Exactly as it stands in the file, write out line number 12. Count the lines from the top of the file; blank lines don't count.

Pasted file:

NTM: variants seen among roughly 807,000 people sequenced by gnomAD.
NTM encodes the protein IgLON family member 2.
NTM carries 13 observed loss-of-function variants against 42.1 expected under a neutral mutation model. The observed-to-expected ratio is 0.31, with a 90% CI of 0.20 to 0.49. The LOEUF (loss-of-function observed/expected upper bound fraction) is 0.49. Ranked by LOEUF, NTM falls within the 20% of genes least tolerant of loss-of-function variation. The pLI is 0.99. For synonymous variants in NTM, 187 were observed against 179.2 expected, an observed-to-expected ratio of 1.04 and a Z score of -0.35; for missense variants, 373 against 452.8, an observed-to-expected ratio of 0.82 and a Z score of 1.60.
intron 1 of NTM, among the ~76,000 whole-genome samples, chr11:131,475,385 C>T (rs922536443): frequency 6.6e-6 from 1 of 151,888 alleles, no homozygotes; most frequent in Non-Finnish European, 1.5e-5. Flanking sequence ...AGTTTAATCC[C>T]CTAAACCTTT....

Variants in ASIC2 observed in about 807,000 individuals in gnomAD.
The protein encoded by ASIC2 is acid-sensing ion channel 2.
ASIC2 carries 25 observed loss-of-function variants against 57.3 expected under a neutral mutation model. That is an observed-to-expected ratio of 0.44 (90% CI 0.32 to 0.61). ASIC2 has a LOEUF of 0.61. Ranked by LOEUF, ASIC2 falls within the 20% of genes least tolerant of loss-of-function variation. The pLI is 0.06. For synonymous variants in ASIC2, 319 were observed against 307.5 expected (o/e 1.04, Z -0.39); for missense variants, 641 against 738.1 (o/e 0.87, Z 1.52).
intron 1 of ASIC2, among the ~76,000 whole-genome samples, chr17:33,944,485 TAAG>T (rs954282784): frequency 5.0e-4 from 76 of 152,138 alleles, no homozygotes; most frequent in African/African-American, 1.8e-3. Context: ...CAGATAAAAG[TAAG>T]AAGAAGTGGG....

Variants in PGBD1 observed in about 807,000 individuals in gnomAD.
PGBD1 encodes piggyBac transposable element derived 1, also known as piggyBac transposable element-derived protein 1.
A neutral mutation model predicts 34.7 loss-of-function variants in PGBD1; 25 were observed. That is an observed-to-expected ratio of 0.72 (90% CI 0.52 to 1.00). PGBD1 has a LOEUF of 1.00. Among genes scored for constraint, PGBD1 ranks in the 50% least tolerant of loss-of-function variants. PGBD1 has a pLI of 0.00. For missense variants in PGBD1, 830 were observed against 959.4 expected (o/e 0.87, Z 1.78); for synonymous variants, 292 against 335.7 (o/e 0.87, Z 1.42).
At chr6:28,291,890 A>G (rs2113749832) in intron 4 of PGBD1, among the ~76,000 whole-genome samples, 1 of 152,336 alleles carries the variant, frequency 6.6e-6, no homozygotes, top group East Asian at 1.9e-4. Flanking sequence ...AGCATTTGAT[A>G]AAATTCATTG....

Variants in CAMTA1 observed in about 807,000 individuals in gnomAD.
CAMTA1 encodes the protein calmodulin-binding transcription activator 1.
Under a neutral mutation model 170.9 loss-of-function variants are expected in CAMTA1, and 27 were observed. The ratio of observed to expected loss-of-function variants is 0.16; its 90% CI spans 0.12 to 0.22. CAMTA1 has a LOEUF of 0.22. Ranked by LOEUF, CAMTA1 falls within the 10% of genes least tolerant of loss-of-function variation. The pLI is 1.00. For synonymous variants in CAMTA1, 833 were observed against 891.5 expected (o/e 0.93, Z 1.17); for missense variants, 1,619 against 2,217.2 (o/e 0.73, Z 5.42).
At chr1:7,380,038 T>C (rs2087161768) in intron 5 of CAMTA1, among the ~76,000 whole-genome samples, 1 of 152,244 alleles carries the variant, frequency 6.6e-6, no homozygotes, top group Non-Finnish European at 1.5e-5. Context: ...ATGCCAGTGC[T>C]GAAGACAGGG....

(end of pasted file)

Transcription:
At chr6:28,291,890 A>G (rs2113749832) in intron 4 of PGBD1, among the ~76,000 whole-genome samples, 1 of 152,336 alleles carries the variant, frequency 6.6e-6, no homozygotes, top group East Asian at 1.9e-4. Flanking sequence ...AGCATTTGAT[A>G]AAATTCATTG....